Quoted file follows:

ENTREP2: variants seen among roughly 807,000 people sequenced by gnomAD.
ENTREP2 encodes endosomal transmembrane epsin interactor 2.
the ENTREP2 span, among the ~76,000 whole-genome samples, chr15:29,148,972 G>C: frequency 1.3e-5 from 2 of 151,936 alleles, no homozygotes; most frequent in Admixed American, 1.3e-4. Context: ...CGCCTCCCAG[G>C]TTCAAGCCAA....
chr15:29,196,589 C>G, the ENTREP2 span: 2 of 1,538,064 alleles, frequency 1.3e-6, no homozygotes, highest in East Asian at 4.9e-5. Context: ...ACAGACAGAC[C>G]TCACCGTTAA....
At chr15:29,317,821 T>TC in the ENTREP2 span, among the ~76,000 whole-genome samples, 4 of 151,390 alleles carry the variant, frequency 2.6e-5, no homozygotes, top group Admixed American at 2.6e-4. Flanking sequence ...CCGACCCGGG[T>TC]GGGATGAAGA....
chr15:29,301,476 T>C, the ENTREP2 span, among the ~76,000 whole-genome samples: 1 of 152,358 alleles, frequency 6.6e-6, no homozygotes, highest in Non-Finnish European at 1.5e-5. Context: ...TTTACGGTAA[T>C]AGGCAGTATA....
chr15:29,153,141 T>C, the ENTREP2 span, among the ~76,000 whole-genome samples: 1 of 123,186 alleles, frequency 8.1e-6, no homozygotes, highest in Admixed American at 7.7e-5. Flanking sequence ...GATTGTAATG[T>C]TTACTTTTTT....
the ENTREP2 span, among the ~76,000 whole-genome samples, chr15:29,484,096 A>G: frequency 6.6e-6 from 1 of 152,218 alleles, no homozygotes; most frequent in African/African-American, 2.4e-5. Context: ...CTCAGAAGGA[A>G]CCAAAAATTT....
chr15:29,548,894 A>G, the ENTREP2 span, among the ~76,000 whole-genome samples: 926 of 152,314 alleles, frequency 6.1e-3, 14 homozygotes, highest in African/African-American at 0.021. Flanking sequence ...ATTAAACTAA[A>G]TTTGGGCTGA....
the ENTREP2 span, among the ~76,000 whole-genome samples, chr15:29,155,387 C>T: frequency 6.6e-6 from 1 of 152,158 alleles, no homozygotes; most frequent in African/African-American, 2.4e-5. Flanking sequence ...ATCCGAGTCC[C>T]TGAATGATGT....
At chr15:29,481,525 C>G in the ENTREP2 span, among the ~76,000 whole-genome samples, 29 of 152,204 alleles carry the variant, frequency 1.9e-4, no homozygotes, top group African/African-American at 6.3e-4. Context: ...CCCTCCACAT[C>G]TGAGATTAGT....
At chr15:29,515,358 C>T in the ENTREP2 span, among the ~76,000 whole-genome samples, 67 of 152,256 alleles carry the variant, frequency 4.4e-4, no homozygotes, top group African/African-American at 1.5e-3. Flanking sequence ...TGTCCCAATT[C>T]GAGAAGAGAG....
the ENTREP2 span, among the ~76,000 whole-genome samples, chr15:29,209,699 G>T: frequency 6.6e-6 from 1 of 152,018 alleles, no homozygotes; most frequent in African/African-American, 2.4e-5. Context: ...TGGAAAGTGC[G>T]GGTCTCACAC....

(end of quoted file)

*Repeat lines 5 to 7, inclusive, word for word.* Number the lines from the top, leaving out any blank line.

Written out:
At chr15:29,317,821 T>TC in the ENTREP2 span, among the ~76,000 whole-genome samples, 4 of 151,390 alleles carry the variant, frequency 2.6e-5, no homozygotes, top group Admixed American at 2.6e-4. Flanking sequence ...CCGACCCGGG[T>TC]GGGATGAAGA....
chr15:29,301,476 T>C, the ENTREP2 span, among the ~76,000 whole-genome samples: 1 of 152,358 alleles, frequency 6.6e-6, no homozygotes, highest in Non-Finnish European at 1.5e-5. Context: ...TTTACGGTAA[T>C]AGGCAGTATA....
chr15:29,153,141 T>C, the ENTREP2 span, among the ~76,000 whole-genome samples: 1 of 123,186 alleles, frequency 8.1e-6, no homozygotes, highest in Admixed American at 7.7e-5. Flanking sequence ...GATTGTAATG[T>C]TTACTTTTTT....